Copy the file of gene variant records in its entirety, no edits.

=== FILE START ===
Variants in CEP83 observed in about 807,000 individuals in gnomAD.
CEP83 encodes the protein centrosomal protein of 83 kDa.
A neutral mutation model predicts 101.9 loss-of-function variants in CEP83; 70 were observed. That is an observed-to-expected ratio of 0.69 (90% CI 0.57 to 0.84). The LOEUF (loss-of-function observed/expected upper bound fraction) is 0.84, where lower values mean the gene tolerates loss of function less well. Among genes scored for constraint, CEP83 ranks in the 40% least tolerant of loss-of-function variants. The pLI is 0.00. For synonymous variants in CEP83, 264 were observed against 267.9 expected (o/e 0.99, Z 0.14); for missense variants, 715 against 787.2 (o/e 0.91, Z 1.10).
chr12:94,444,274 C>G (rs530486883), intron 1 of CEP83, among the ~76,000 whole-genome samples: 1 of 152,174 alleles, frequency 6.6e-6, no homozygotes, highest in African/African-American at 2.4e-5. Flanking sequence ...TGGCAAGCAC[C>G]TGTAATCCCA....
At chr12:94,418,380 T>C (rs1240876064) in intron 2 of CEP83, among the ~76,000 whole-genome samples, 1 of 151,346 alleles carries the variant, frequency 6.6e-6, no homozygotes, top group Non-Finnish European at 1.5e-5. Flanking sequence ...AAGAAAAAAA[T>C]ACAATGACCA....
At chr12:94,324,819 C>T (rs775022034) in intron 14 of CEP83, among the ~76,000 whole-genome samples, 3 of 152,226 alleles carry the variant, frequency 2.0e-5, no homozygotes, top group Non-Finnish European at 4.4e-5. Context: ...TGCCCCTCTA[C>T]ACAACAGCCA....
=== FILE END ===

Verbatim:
Variants in CEP83 observed in about 807,000 individuals in gnomAD.
CEP83 encodes the protein centrosomal protein of 83 kDa.
A neutral mutation model predicts 101.9 loss-of-function variants in CEP83; 70 were observed. That is an observed-to-expected ratio of 0.69 (90% CI 0.57 to 0.84). The LOEUF (loss-of-function observed/expected upper bound fraction) is 0.84, where lower values mean the gene tolerates loss of function less well. Among genes scored for constraint, CEP83 ranks in the 40% least tolerant of loss-of-function variants. The pLI is 0.00. For synonymous variants in CEP83, 264 were observed against 267.9 expected (o/e 0.99, Z 0.14); for missense variants, 715 against 787.2 (o/e 0.91, Z 1.10).
chr12:94,444,274 C>G (rs530486883), intron 1 of CEP83, among the ~76,000 whole-genome samples: 1 of 152,174 alleles, frequency 6.6e-6, no homozygotes, highest in African/African-American at 2.4e-5. Flanking sequence ...TGGCAAGCAC[C>G]TGTAATCCCA....
At chr12:94,418,380 T>C (rs1240876064) in intron 2 of CEP83, among the ~76,000 whole-genome samples, 1 of 151,346 alleles carries the variant, frequency 6.6e-6, no homozygotes, top group Non-Finnish European at 1.5e-5. Flanking sequence ...AAGAAAAAAA[T>C]ACAATGACCA....
At chr12:94,324,819 C>T (rs775022034) in intron 14 of CEP83, among the ~76,000 whole-genome samples, 3 of 152,226 alleles carry the variant, frequency 2.0e-5, no homozygotes, top group Non-Finnish European at 4.4e-5. Context: ...TGCCCCTCTA[C>T]ACAACAGCCA....